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University of California, San Francisco
University of California, San Francisco (UCSF) researchers at the Gladstone Institute of Virology and Immunology have charted the course of a key cellular protein interaction that plays an important role in controlling the growth of HIV inside human T cells.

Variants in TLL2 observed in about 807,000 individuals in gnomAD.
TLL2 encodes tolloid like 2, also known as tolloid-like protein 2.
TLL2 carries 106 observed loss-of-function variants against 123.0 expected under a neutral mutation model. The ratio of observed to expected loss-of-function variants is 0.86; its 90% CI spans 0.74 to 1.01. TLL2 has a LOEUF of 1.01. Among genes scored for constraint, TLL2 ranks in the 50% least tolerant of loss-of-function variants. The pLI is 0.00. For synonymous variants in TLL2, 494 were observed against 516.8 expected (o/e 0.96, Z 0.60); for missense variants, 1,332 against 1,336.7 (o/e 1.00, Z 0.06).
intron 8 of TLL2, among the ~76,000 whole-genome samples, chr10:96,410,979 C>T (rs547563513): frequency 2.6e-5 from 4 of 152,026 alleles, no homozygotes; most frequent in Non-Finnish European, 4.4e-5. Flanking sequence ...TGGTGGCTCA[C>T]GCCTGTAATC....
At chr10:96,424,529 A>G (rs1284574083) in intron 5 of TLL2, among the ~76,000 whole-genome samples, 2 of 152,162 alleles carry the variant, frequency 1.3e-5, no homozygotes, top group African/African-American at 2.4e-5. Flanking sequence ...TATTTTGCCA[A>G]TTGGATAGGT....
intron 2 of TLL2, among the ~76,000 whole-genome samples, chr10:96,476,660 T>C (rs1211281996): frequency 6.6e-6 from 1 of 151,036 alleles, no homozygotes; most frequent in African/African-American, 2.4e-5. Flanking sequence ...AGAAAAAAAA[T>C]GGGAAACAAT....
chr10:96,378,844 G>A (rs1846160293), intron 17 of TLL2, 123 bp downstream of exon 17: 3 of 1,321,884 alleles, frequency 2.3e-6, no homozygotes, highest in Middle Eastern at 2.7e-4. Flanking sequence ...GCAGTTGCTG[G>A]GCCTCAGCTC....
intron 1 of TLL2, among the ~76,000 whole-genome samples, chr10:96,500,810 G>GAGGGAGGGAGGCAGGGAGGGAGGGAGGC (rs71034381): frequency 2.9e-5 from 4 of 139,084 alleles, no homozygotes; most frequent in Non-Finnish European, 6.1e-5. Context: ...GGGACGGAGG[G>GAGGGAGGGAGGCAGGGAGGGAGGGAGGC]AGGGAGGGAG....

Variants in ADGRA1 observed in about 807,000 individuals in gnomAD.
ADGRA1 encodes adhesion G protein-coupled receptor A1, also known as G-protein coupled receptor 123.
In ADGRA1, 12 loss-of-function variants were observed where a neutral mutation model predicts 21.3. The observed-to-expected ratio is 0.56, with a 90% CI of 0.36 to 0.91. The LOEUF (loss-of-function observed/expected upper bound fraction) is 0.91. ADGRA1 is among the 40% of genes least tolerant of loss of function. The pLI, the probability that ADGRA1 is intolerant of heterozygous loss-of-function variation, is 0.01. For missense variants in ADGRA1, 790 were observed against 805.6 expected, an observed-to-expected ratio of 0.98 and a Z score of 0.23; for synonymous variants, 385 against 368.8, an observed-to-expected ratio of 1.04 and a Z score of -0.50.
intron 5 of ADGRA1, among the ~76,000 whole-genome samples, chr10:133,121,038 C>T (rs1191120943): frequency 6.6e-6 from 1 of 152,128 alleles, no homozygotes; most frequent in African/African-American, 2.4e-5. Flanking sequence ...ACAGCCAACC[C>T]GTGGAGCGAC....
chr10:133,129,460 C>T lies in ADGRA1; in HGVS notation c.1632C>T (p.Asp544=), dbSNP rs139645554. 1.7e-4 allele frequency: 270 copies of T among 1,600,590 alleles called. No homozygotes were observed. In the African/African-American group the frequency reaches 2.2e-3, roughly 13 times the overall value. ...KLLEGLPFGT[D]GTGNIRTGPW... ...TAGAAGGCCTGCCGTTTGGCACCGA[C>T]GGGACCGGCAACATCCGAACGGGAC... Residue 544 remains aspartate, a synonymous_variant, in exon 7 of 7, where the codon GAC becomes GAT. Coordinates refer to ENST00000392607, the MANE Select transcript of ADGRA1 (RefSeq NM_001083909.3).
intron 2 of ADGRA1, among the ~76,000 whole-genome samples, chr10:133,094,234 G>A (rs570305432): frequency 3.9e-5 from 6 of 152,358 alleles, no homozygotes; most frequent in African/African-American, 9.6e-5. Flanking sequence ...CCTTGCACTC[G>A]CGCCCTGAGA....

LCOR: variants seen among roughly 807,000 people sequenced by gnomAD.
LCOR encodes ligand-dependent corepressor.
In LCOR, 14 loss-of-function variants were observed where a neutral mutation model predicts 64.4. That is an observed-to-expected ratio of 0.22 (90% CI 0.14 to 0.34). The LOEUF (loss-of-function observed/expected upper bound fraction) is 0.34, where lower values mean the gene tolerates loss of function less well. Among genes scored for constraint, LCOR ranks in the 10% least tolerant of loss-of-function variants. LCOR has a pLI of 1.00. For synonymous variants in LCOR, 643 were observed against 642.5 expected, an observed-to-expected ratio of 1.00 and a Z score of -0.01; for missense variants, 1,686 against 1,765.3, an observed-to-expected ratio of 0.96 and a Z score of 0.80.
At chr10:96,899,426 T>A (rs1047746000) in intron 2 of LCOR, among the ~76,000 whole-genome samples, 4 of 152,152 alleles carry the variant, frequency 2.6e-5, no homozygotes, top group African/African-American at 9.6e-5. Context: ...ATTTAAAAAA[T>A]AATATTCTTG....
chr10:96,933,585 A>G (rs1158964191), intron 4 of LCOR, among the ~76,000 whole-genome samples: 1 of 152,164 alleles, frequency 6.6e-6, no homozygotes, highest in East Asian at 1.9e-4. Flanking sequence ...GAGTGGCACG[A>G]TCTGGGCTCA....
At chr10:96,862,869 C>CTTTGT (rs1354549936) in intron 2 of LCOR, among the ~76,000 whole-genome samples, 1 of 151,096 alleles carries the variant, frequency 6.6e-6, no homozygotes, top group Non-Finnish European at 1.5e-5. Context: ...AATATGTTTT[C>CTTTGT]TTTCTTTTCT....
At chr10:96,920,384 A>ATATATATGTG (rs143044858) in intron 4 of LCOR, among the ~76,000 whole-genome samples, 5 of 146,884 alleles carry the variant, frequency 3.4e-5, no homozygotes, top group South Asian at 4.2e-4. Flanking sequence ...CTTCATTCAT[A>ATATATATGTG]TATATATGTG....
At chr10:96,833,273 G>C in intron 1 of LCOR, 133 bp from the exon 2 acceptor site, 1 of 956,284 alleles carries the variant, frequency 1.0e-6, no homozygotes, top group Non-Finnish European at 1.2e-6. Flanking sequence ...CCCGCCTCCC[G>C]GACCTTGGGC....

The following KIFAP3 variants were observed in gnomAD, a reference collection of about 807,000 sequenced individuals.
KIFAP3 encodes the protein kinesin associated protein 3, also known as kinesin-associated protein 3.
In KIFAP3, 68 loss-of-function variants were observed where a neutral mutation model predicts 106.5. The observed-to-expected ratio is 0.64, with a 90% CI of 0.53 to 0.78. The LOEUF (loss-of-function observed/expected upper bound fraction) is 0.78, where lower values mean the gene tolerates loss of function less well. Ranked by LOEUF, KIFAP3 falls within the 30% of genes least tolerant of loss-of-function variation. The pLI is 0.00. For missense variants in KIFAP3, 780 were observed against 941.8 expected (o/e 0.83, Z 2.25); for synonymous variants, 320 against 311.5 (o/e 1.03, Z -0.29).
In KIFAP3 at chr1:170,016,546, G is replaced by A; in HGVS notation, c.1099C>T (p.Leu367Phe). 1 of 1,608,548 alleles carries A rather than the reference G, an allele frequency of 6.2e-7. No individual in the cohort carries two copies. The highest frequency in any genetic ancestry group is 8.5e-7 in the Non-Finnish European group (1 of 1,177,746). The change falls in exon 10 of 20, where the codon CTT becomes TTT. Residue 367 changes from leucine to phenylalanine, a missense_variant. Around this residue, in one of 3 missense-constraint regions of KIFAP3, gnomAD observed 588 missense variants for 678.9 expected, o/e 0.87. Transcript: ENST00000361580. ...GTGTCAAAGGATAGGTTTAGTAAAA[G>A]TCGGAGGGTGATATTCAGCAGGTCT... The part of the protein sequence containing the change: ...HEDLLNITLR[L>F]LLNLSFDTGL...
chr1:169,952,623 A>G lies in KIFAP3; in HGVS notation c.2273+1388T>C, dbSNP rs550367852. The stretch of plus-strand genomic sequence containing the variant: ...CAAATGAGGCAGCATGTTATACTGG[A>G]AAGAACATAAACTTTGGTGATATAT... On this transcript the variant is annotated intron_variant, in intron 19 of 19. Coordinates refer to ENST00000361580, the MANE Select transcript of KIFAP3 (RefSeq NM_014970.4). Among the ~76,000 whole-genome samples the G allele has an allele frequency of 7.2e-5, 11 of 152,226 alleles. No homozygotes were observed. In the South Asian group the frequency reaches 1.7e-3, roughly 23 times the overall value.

The proteins involved, called NF-Kappa-B and I-Kappa -B, are inactive when the T cell is in a resting state. But once an HIV-infected T cell is activated, these proteins trigger the cascade of events that lead to reproduction of the virus inside the cell nucleus, the researchers report in the March 26, 1993, issue of the journal Science.
The researchers also discovered a unique relationship between the proteins, in which NF-Kappa-B is initially inhibited …